Criminal defendants are processed in essentially the same way in all states but there are some differences regarding bail, arraignment, preliminary hearings, and other procedures. If you're accused of a crime in New Hampshire, here are a few things you should know.
Arrests are made by police officers when they observe someone committing a crime, or by an arrest warrant issued on sworn application to the court that probable cause exists that the defendant committed the crime. A summons may also be issued, charging someone with a misdemeanor and ordering that person to appear in court. If you're arrested, the officer must advise you of your right to remain silent and tell you that what you say can and will be used against you in court. He has to tell you that you have the right to an attorney and that the court will appoint one for you if you can't afford one. Arrestees are taken to a detention facility where they're photographed, fingerprinted, and asked for identification. Their personal effects are taken and stored. You may have access to a phone to arrange bail.
If your crime is a bailable offense, a bail agent can determine the amount. A family member or friend can post bail without collateral if he or she cosigns a form and has sufficient assets. Otherwise, a premium of about 10 percent of the bail amount can be paid to secure the bond. Cash bonds for the full amount can also be obtained. In-custody defendants must appear in court within 48 hours of being arrested unless it is a weekend or a holiday.
Arraignment and Plea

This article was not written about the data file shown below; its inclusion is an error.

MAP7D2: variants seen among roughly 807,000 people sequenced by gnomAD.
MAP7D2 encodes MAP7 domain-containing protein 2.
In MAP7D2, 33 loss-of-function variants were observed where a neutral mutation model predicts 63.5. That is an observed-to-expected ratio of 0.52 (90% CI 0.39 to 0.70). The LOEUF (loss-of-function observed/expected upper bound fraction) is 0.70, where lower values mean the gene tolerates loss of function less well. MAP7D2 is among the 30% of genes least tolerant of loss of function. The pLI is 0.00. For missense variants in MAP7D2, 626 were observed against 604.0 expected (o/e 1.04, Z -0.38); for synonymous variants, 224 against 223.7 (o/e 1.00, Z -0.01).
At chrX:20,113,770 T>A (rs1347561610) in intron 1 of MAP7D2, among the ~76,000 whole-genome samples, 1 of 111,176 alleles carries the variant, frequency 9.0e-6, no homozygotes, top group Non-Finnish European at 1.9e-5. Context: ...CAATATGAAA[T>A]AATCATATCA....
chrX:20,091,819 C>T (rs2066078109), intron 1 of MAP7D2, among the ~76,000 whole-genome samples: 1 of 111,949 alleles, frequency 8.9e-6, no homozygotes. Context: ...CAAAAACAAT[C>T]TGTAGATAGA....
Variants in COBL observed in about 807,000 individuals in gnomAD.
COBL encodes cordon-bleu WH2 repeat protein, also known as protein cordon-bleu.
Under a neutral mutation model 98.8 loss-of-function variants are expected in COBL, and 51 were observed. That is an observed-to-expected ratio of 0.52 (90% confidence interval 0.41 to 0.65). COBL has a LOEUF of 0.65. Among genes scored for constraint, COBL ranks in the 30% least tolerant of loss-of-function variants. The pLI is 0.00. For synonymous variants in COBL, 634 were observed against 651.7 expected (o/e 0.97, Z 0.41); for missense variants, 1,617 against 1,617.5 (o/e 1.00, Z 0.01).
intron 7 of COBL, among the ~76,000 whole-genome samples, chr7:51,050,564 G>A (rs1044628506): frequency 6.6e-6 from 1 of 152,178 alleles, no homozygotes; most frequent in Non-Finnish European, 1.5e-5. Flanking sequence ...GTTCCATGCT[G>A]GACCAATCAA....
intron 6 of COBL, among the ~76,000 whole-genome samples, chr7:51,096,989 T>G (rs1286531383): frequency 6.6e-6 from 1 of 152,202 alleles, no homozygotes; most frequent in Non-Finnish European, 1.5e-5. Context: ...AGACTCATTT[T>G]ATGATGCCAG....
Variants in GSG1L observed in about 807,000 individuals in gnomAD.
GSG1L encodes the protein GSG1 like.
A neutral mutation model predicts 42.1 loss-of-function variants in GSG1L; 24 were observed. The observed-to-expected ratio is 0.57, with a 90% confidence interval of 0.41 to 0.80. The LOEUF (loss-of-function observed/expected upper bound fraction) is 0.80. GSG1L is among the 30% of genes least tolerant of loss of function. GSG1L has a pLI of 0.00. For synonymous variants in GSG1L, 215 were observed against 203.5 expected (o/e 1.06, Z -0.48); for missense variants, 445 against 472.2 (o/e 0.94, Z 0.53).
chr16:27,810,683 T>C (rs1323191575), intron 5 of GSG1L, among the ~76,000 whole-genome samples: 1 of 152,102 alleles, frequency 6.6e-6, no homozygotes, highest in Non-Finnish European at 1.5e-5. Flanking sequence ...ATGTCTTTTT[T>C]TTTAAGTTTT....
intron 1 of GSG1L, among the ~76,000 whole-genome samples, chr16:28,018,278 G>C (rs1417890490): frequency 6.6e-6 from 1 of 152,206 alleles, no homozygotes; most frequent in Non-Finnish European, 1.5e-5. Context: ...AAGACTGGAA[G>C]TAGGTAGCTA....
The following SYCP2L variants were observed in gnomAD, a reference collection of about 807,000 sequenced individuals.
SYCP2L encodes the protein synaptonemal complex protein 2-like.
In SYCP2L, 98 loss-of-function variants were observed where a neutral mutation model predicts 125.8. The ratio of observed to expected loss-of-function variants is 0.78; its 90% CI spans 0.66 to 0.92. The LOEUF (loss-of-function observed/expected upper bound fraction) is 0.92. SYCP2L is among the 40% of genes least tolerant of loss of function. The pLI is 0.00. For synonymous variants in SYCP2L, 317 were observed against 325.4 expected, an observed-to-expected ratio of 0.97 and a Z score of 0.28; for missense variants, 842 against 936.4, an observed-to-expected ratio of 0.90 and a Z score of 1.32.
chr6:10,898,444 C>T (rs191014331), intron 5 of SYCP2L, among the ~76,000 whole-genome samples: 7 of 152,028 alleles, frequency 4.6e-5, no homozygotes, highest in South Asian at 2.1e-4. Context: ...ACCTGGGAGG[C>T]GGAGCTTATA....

Misdemeanor cases are arraigned in district court where a plea is entered by the defendant or his attorney. In some cases, defendants don't have to be present if they're not in custody. Defendants are typically told of the charges against them, of their right to an attorney, and how they can qualify for a court-appointed lawyer. Felons are arraigned in superior court. They don't enter a plea until after a probable cause hearing is held or waived. Possible pleas include guilty, which is an admission to all charges, or not guilty, which is a denial of all charges. If you refuse to plea, the court will enter a plea of not guilty on your behalf. If you plead "nolo contendre," you're not disputing the charges. This is treated as a guilty plea, but it can't be used against you if you're also sued in a civil action.
The Plea Bargain Process
Courts tend to encourage plea bargains because of overburdened criminal court calendars and jail cell availability. Before accepting a plea bargain, attorneys consider the strength of the evidence against their clients as well as evidentiary problems and the seriousness of the offense. A guilty plea to a lesser charge or a reduction in sentence may be negotiated and presented for court approval.
Grand Jury and Preliminary Hearing
In felony matters, and if the defendant is in custody, a preliminary hearing is held within 10 days of the arraignment to determine probable cause. If the defendant isn't in custody, the hearing must be held within 20 days. In some cases, the prosecution will seek an indictment by grand jury. If the grand jury issues an indictment, there is no preliminary hearing.
Court or Jury Trial and Sentencing
Trials in district court are usually bench trials only unless the statutes provide otherwise. This means only a judge hears the case. Superior court cases can be either bench trials or trials by jury. Jury trials are conducted before 12 persons who must find the defendant guilty by a unanimous verdict and beyond a reasonable doubt. With a misdemeanor charge, a sentencing hearing may be held immediately following a guilty verdict, or it might take place later. A sentencing hearing is scheduled in felony matters after preparation and submission of a pre-sentence report to the judge. The report includes the defendant’s criminal record, employment history, family situation, and other factors. A victim may be allowed to address the court regarding sentencing. Counsel for both sides can also address the court and challenge the information in the pre-sentence report.
Retain an Experienced Criminal Attorney
As criminal procedures are state-specific, you should retain a criminal defense lawyer familiar with New Hampshire law if you're charged with a crime.